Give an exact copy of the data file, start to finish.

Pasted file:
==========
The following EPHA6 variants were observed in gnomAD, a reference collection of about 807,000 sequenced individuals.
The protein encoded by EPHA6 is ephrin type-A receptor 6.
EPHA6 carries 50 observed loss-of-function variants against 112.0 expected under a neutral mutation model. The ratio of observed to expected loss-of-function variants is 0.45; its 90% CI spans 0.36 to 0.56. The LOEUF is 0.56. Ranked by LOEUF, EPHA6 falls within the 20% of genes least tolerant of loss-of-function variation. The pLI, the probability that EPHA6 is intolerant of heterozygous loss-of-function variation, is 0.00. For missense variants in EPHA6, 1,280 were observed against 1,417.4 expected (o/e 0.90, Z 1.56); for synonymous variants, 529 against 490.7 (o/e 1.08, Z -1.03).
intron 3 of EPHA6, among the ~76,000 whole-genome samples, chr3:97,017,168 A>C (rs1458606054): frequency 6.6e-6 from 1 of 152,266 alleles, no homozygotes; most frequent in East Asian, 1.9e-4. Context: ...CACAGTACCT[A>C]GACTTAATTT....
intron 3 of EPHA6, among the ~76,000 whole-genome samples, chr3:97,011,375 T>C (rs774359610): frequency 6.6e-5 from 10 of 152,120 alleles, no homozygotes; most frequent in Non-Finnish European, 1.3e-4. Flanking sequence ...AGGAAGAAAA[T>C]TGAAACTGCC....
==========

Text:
The following EPHA6 variants were observed in gnomAD, a reference collection of about 807,000 sequenced individuals.
The protein encoded by EPHA6 is ephrin type-A receptor 6.
EPHA6 carries 50 observed loss-of-function variants against 112.0 expected under a neutral mutation model. The ratio of observed to expected loss-of-function variants is 0.45; its 90% CI spans 0.36 to 0.56. The LOEUF is 0.56. Ranked by LOEUF, EPHA6 falls within the 20% of genes least tolerant of loss-of-function variation. The pLI, the probability that EPHA6 is intolerant of heterozygous loss-of-function variation, is 0.00. For missense variants in EPHA6, 1,280 were observed against 1,417.4 expected (o/e 0.90, Z 1.56); for synonymous variants, 529 against 490.7 (o/e 1.08, Z -1.03).
intron 3 of EPHA6, among the ~76,000 whole-genome samples, chr3:97,017,168 A>C (rs1458606054): frequency 6.6e-6 from 1 of 152,266 alleles, no homozygotes; most frequent in East Asian, 1.9e-4. Context: ...CACAGTACCT[A>C]GACTTAATTT....
intron 3 of EPHA6, among the ~76,000 whole-genome samples, chr3:97,011,375 T>C (rs774359610): frequency 6.6e-5 from 10 of 152,120 alleles, no homozygotes; most frequent in Non-Finnish European, 1.3e-4. Flanking sequence ...AGGAAGAAAA[T>C]TGAAACTGCC....